Biden administration loosens sanctions on Taliban-held Afghanistan

US Treasury Department issues broad licence allowing commercial and financial transactions within Afghanistan, but White House still holds central bank's frozen reserves

An Afghan woman feeds her sick son while he undergoes treatment in the malnutrition ward of the Indira Gandhi Children's Hospital in Kabul, Afghanistan. AP
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The US on Friday drastically loosened its sanctions on Afghanistan, permitting private companies and individuals to conduct commercial and financial transactions within the Taliban-held country.

The Treasury Department issued the broad sanctions licence in the hopes of ameliorating the deteriorating humanitarian and economic crisis in Afghanistan. It has not, however, authorised transactions with the Taliban or the Haqqani Network.

“The license will ensure US sanctions do not stand in the way of transactions and activities needed to provide aid and support the basic humanitarian needs of the people of Afghanistan,” a senior administration official told reporters on a press call.

“It’s critical that Afghan institutions be put in a position where civil servants are allowed to function.”

Another senior administration official noted that the licence makes it “very clear that you can continue to make commercial transactions in Afghanistan as well as transactions with the government” — so long as they do not involve people who have been sanctioned.

The licence also does not cover transactions with the country's central bank, even though US President Joe Biden's administration agreed to return part of $10 billion in Afghan reserves it froze following the Taliban takeover in August.

Mr Biden issued an executive order this month that could unlock as much as $7bn of those frozen assets.

However, the president intends to make $3.5bn of the frozen Afghan reserves available to families of 9/11 victims who are suing to gain access to the money as damages against the Taliban.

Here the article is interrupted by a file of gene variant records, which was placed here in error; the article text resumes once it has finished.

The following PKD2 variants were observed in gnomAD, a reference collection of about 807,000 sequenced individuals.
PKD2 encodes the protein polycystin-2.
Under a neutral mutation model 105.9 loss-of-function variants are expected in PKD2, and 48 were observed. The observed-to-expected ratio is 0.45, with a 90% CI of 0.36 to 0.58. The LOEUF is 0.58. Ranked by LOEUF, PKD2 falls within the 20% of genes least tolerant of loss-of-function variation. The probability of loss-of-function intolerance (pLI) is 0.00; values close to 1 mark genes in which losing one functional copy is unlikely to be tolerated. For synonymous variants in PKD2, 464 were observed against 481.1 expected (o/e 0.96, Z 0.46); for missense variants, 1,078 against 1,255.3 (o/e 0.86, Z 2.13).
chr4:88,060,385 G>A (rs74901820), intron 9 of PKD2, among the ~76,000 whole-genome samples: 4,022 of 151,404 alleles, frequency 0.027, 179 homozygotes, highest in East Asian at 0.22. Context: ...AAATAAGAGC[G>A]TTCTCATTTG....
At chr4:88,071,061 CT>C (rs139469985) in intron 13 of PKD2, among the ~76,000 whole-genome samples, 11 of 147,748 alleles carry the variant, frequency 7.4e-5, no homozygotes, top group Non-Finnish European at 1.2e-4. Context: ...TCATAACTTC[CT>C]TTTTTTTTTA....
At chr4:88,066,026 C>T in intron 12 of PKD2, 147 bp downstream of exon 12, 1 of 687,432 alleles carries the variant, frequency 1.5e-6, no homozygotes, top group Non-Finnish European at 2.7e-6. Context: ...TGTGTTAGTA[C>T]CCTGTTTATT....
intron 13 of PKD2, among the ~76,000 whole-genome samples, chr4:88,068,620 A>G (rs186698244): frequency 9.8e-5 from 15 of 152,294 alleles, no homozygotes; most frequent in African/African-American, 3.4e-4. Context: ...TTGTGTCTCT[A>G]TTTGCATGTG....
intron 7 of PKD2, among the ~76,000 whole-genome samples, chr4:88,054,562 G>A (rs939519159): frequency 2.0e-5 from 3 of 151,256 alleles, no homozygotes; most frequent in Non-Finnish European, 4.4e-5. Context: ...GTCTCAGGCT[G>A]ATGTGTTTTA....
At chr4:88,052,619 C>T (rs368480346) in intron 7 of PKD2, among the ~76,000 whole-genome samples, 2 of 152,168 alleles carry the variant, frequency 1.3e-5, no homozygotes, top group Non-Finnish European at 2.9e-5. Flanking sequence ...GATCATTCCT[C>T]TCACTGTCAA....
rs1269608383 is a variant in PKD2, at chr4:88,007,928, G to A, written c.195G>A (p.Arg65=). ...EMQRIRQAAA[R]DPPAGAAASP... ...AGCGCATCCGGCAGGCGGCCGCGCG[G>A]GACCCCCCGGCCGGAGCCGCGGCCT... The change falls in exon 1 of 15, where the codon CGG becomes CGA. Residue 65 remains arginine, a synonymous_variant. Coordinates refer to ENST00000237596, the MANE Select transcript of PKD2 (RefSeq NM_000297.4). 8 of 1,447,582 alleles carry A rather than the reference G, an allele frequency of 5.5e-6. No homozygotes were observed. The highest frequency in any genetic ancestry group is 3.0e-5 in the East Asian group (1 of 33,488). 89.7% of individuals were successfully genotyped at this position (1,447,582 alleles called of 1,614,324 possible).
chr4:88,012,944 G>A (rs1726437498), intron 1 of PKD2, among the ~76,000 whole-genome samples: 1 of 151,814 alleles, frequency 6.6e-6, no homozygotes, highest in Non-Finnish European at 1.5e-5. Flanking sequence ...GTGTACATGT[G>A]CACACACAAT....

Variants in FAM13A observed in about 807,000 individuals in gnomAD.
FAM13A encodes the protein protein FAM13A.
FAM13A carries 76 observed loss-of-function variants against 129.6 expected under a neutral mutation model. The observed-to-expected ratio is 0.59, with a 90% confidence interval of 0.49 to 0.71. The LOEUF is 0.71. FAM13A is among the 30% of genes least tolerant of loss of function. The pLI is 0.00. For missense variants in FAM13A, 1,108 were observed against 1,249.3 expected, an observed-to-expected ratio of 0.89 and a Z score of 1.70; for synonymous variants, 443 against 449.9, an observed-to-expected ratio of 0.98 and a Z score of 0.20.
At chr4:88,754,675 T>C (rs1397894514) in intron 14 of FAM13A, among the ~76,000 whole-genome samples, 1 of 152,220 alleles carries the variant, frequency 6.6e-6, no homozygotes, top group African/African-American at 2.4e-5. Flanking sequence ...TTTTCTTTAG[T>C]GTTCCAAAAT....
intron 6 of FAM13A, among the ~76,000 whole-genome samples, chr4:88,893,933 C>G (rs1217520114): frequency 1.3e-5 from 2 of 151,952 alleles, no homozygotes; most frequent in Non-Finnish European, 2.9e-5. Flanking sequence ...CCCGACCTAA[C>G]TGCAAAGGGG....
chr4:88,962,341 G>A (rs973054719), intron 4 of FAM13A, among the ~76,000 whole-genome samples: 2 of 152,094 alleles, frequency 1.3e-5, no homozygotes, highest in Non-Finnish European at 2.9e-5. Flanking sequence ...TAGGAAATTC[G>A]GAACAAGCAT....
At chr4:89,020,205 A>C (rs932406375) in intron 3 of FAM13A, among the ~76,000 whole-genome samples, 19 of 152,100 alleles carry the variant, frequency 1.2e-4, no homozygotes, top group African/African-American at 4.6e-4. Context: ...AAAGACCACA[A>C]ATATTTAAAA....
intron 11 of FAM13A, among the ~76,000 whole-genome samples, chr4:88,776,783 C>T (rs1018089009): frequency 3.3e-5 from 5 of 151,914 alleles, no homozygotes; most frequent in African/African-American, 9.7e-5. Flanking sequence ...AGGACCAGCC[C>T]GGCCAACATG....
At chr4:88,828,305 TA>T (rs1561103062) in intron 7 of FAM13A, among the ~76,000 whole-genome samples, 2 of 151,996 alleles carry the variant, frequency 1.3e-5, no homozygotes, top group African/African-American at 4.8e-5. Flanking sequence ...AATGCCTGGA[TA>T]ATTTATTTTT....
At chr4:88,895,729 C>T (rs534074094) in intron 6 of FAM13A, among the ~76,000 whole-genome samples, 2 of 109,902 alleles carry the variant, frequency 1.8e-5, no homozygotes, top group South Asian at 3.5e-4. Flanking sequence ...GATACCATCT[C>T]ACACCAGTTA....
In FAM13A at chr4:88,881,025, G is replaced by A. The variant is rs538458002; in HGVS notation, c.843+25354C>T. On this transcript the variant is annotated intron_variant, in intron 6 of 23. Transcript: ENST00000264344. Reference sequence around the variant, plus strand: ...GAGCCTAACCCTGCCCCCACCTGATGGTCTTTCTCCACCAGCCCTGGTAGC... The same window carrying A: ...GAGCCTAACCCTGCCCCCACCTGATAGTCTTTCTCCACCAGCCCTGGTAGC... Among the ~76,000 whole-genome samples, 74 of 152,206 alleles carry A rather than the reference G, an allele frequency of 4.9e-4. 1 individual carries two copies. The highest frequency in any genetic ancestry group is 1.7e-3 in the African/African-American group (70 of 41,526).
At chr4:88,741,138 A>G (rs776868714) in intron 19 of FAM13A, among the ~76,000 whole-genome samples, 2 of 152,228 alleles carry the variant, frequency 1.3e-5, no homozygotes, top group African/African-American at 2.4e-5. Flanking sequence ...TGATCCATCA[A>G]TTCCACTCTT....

The freeze on federal reserves has prompted Afghan banks to limit withdrawals, further compounding the cash crisis and driving up the cost of food and consumer goods amid a drought.

A low or non-existent level of reserves also curtails the Taliban’s future options to address these issues by reducing its ability to take out loans from organisations such as the International Monetary Fund.

“We have made clear that in order for the international community to engage with the central bank, it’s important that it establishes independence, putting in a third party to validate that independence and get the kind of technical assistance that is needed to ensure that they’re able to put in place basic standards for the prevention of illicit finance — similar to what was done prior to August of 2021,” said the first senior official.

In the meantime, the US is working with several other countries to establish a temporary financing mechanism for Afghanistan.

The second senior official said that “we’re looking to be absolutely sure that on its governance, as well as the potential uses of this money — which is Afghan reserves for the benefit of the Afghan people — that we are talking to professional Afghans in this space".

In addition, the official noted that the Taliban has “not interfered in the delivery” of the $500 million in humanitarian aid to Afghanistan that the US has sent since the Taliban takeover — though the Biden administration continues to monitor the funds.

Updated: February 25, 2022, 9:36 PM
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